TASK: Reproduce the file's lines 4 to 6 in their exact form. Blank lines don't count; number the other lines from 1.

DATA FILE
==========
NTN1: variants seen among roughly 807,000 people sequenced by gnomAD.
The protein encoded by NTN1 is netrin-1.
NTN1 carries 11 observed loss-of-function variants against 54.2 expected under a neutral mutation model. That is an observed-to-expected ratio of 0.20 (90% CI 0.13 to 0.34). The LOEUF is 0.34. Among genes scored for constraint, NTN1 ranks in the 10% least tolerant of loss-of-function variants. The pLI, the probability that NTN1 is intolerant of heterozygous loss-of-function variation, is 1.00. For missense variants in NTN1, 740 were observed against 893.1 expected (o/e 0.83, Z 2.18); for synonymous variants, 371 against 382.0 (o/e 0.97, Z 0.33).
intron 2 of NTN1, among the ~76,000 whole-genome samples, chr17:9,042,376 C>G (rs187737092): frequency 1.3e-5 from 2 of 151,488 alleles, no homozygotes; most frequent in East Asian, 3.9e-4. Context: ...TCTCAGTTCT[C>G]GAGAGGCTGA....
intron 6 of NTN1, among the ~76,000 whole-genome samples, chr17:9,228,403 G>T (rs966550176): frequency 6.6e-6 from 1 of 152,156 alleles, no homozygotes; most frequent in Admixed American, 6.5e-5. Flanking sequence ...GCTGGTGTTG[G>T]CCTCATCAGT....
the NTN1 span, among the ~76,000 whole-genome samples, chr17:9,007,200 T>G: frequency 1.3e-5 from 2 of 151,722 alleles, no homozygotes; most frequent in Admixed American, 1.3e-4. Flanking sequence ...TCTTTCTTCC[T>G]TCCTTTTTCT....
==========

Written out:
intron 2 of NTN1, among the ~76,000 whole-genome samples, chr17:9,042,376 C>G (rs187737092): frequency 1.3e-5 from 2 of 151,488 alleles, no homozygotes; most frequent in East Asian, 3.9e-4. Context: ...TCTCAGTTCT[C>G]GAGAGGCTGA....
intron 6 of NTN1, among the ~76,000 whole-genome samples, chr17:9,228,403 G>T (rs966550176): frequency 6.6e-6 from 1 of 152,156 alleles, no homozygotes; most frequent in Admixed American, 6.5e-5. Flanking sequence ...GCTGGTGTTG[G>T]CCTCATCAGT....
the NTN1 span, among the ~76,000 whole-genome samples, chr17:9,007,200 T>G: frequency 1.3e-5 from 2 of 151,722 alleles, no homozygotes; most frequent in Admixed American, 1.3e-4. Flanking sequence ...TCTTTCTTCC[T>G]TCCTTTTTCT....